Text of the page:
This is a good time to get the jars ready! The dishwasher is fine for the jars; especially if it has a "sanitize" cycle. Otherwise put the jars in boiling water for 10 minutes. I just put the lids in a small pot of almost boiling water for 5 minutes, and use the magnetic "lid lifter wand" (available from target, other big box stores, and often grocery stores; and available online - see this page) to pull them out.




Step 3 -Wash the peaches, apples and peppers

I'm sure you can figure out how to wash the fruit and vegetables in plain cold or lukewarm water.

Step 4 - Peeling the Peaches

Peaches and nectarines should be peeled, as their skins can be tough / chewy in jam.  Peaches have such thin skins, you really don't need to peel them.

For those you want to peel, here's a great trick that works with many fruits and vegetables with skins (like tomatoes): just dip the fruit in boiling water for 30 to 60 seconds. 

Remove from the water using a slotted spoon and put into a large bowl or pot of cold water and ice.

The skins will easily slide off now IF the peaches are ripe! The more unripe they are, the longer you will need to heat them.

Step 5 - Cut up the peaches

Cut out any brown spots, pits and mushy areas. Cut the peaches in half, then dice into 1/2 cubes! peach salsa:  cutting the peaches Sprinkle  with lemon juice, citric acid or FruitFresh to prevent browning.

See here for related tools, equipment, supplies on Amazon

Step 6 - Peel, core and chop the apples, onions and pepperspeach salsa: spices

 Wash, peel and core the apples, then cut them into halves and chop the apples into 1/2-inch cubes. - Prepare the onions and peppers

Peel, wash and dice onions into 1/4-inch pieces. Wash, core, and seed bell peppers; chop into 1/4-inch pieces.

Step 7 - Preparing the spice bag

Place 4 tablespoons mixed pickling spice on a clean, double-layered, 6-inch-square piece of 100% cheesecloth Bring corners together and tie with a clean string. (Or use a purchased muslin spice bag or use a baby's mesh ice holder. ). I use a baby's ice lollipop bag (available at mall kitchen stores, Target and other local "big box" stores) as it is reusable and easy to use (see the photo).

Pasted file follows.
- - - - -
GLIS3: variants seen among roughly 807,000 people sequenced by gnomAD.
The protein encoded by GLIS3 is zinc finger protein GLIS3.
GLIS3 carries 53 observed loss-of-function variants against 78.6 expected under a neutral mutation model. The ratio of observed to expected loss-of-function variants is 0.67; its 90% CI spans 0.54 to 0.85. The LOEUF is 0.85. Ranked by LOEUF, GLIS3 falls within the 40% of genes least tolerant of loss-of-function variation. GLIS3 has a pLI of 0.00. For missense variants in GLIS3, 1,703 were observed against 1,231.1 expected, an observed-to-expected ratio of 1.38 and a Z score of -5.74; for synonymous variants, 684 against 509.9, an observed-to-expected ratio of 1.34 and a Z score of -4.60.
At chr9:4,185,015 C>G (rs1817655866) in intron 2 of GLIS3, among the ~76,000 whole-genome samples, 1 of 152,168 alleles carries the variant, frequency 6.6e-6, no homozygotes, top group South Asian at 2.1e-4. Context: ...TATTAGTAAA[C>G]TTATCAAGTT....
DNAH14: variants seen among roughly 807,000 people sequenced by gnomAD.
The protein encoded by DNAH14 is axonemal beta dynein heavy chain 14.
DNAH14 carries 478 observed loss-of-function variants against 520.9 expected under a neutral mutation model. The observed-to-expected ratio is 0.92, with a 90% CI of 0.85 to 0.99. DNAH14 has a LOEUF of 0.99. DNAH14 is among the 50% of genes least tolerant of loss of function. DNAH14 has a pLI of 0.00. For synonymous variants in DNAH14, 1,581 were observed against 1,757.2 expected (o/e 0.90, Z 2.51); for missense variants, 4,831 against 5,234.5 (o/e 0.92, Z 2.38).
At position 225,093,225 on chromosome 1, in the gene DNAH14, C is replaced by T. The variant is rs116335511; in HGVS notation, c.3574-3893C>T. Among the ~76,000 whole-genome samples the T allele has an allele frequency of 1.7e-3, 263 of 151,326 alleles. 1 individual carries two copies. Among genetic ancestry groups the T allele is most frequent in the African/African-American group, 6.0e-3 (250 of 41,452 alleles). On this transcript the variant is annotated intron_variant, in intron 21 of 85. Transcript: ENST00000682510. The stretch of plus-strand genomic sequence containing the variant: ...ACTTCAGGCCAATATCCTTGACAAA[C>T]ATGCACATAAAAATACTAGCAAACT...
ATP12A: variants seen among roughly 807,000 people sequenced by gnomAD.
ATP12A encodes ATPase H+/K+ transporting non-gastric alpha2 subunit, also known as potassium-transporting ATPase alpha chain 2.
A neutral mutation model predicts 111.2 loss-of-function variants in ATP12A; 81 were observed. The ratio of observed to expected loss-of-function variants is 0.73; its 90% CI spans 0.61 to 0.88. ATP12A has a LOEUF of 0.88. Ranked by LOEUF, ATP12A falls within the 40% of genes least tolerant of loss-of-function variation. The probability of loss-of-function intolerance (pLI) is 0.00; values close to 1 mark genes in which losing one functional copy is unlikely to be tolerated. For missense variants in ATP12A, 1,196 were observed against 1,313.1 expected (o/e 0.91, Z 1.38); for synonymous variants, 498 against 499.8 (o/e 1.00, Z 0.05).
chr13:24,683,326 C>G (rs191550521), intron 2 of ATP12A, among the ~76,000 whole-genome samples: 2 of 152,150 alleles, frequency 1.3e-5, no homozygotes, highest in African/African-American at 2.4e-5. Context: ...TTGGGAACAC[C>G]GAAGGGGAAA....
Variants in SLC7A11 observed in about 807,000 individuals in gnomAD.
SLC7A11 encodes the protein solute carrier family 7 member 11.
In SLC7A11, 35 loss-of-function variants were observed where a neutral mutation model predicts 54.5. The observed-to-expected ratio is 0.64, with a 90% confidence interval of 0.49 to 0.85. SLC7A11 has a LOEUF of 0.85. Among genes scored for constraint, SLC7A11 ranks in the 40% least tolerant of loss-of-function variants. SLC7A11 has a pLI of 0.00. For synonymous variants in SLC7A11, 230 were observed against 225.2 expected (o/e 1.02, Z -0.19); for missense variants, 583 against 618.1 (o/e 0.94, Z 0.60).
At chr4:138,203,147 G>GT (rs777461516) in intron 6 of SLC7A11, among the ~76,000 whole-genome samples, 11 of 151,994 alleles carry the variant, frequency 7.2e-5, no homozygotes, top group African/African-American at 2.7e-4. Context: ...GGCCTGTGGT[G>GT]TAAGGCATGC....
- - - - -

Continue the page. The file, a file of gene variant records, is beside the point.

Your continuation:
• 4 tablespoons mixed pickling spice
  • 1 tablespoon canning salt
  • 2 teaspoons crushed red pepper flakes
  • 33/4 cups (11/4 pound) packed light brown sugar

Step 8 - Combine the veggies and fruit

Combine the chopped peaches, apples, tomatoes, onions and peppers in an 8- or 10- quart Dutch oven or saucepot.peach salsa: cooking

Step 9 - Add all ingredients and heat

Add the pickling spice bag to the saucepot; stir in the salt, red pepper flakes, brown sugar and vinegar. Bring to boiling, stirring gently to mix ingredients. Reduce heat and simmer 30 minutes, stirring occasionally.

Step 10 - Remove from the heat

Take the pot off the stove, remove spice bag from pan and discard the spices.

Step 11 - Fill the jars

peach salsa: filling the jarsWith a slotted spoon, fill salsa solids into hot, clean pint jars, leaving 11/4-inch headspace (it takes about 3/4 pound solids in each jar). Cover with cooking liquid, which then should leave 1/2-inch headspace.